The environmental consequences of tiny quantities can be huge. In this activity we use dye and water to show how big a tiny change can be. Students sequentially add drops of food coloring to one liter of water to assess the change caused by a trace component. The changes can be described qualitatively, or, quantified with photographs or a light meter.
For International Women’s Day, Alexandra Moore, one of PRI’s women climate scientists, has created short video features on some of the activities that she engages in across a typical day. This toolkit includes these videos along with student activities that match the theme of each film.
Using materials like iodine, blackberry juice, and a few specialized components, students will create a working solar cell that mimics the process of photosynthesis.
Students measure the flux of carbon dioxide from soil to the atmosphere using a lab CO2 probe and home-made flux chambers. The experiment can be designed to allow students to manipulate the experimental conditions, and explore the relationship between temperature and respiration, pointing to an important consequence of global climate change.
This activity involves building a tiny, wind-powered elevator: a small cup lifted by a pinwheel. You could use the elevator to lift things from the ground floor to the second floor of a house you make from shoe boxes.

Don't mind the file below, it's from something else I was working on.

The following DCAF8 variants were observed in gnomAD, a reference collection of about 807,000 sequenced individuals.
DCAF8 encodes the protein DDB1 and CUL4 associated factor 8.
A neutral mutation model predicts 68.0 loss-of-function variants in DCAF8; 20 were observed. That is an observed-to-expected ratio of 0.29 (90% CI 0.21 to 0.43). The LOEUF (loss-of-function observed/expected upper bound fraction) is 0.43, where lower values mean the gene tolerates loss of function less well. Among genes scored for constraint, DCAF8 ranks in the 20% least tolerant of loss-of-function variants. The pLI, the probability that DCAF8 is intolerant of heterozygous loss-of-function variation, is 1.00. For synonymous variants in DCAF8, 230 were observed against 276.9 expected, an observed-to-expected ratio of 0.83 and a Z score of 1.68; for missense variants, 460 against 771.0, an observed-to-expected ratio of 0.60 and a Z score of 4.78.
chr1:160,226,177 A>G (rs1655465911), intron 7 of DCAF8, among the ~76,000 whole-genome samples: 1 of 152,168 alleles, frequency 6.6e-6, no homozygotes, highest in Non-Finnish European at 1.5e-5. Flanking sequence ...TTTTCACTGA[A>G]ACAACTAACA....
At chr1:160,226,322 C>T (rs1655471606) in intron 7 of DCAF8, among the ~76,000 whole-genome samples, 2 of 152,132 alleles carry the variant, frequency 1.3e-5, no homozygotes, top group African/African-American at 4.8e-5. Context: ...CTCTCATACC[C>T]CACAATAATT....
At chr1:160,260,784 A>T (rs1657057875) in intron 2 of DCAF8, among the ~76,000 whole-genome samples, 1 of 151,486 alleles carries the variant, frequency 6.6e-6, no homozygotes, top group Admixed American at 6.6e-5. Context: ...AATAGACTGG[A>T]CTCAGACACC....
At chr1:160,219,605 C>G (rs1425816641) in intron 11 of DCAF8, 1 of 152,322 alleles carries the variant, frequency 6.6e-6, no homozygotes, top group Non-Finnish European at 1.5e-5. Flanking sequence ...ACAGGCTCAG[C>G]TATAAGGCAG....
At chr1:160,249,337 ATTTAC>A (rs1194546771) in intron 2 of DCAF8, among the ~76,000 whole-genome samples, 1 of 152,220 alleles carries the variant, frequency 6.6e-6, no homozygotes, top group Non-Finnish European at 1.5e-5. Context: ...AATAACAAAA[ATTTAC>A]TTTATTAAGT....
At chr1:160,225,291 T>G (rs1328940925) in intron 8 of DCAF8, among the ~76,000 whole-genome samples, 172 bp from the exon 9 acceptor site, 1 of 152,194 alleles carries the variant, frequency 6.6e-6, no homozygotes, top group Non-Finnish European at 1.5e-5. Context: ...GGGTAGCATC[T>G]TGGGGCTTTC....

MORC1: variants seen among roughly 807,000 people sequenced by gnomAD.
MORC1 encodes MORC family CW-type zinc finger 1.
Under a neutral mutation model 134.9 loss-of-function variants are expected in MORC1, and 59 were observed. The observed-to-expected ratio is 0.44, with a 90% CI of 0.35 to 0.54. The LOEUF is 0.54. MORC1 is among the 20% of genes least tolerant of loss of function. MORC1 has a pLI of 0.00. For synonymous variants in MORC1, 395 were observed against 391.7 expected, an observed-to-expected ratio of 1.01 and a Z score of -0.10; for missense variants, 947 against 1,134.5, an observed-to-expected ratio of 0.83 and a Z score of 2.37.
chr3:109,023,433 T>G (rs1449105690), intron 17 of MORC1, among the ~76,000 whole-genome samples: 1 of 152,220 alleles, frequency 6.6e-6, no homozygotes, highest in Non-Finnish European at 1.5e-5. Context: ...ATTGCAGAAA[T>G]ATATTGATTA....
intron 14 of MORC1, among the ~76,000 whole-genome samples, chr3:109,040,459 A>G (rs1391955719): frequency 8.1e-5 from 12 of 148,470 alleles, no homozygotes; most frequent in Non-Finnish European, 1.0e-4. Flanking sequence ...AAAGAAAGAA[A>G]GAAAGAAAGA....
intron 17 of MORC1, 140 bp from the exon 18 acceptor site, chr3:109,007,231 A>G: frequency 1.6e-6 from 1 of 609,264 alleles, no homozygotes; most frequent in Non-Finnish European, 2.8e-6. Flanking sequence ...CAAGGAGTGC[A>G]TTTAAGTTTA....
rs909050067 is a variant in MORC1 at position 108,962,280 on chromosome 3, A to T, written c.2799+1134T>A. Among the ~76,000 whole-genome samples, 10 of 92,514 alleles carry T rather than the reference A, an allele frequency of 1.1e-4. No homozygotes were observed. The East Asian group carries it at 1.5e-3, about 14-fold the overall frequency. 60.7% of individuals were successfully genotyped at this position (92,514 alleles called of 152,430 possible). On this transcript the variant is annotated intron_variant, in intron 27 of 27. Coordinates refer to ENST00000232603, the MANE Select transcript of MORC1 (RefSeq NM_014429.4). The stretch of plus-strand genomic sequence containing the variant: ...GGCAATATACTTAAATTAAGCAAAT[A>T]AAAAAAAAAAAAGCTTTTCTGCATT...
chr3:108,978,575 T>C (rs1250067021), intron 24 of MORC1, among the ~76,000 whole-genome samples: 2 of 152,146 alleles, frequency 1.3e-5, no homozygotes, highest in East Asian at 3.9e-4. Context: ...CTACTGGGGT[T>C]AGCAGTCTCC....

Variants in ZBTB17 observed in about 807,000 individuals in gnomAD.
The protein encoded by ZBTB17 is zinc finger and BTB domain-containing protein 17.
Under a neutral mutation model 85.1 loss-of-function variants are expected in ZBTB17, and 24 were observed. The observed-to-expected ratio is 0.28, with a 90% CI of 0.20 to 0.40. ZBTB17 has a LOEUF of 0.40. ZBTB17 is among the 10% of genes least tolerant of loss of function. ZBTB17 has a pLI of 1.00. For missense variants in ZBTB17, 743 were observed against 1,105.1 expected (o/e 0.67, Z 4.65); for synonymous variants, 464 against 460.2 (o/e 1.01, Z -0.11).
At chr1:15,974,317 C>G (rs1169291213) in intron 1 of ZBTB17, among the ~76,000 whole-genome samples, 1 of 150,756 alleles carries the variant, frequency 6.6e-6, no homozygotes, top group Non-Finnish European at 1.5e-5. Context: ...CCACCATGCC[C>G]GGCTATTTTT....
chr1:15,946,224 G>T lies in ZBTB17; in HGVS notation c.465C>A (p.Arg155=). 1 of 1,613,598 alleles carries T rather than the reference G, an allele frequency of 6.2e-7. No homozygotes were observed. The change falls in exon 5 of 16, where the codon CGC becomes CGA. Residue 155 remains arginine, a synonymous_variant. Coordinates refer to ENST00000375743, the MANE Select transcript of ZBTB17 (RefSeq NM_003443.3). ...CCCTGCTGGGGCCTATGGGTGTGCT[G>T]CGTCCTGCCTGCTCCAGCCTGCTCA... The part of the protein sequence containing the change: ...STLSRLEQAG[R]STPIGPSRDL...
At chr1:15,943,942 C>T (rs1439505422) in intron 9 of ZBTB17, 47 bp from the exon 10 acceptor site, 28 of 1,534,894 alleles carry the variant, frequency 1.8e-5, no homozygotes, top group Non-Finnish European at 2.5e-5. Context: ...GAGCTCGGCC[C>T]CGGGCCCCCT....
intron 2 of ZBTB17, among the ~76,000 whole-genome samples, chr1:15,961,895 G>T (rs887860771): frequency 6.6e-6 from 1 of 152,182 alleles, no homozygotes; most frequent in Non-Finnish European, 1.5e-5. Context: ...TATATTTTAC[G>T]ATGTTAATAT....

Students work together to create a rope timeline that illustrates time scales of thousands of years compared with human lifetimes.
Students use art to express their vision of what a better climate future could look like in their community, and how we could achieve this.
Students build small paper houses and design and build structures such as gutters and rain gardens to divert and capture rainwater. They then test their designs with simulated rain.
Students build a simple wind dial (anemometer) and explore how pine cones can tell us about humidity in the air.
Students learn through play in this activity where they devise, create, and test ideas for protecting a garden from heavy rains.
Students use basic thermometers to measure air temperatures under different conditions, draw conclusions about why air temperatures differ in these conditions, and apply what they’ve learned to strategies for staying cool during extreme heat events.
In this activity we calculate the coefficient of thermal expansion for tap water. Students will heat water in a long-necked glass bottle to explore the relationship between temperature and volume of water. Quantifying the initial volume, change in volume, and the initial and final temperatures allows students to calculate the coefficient of thermal expansion.
Students measure a soil temperature profile to explore the effect of energy from the Sun on the shallow subsurface environment. Multiple temperature profiles allow students to analyze the daily change in energy that diffuses into the subsurface, and its differential impact near the surface and at depth.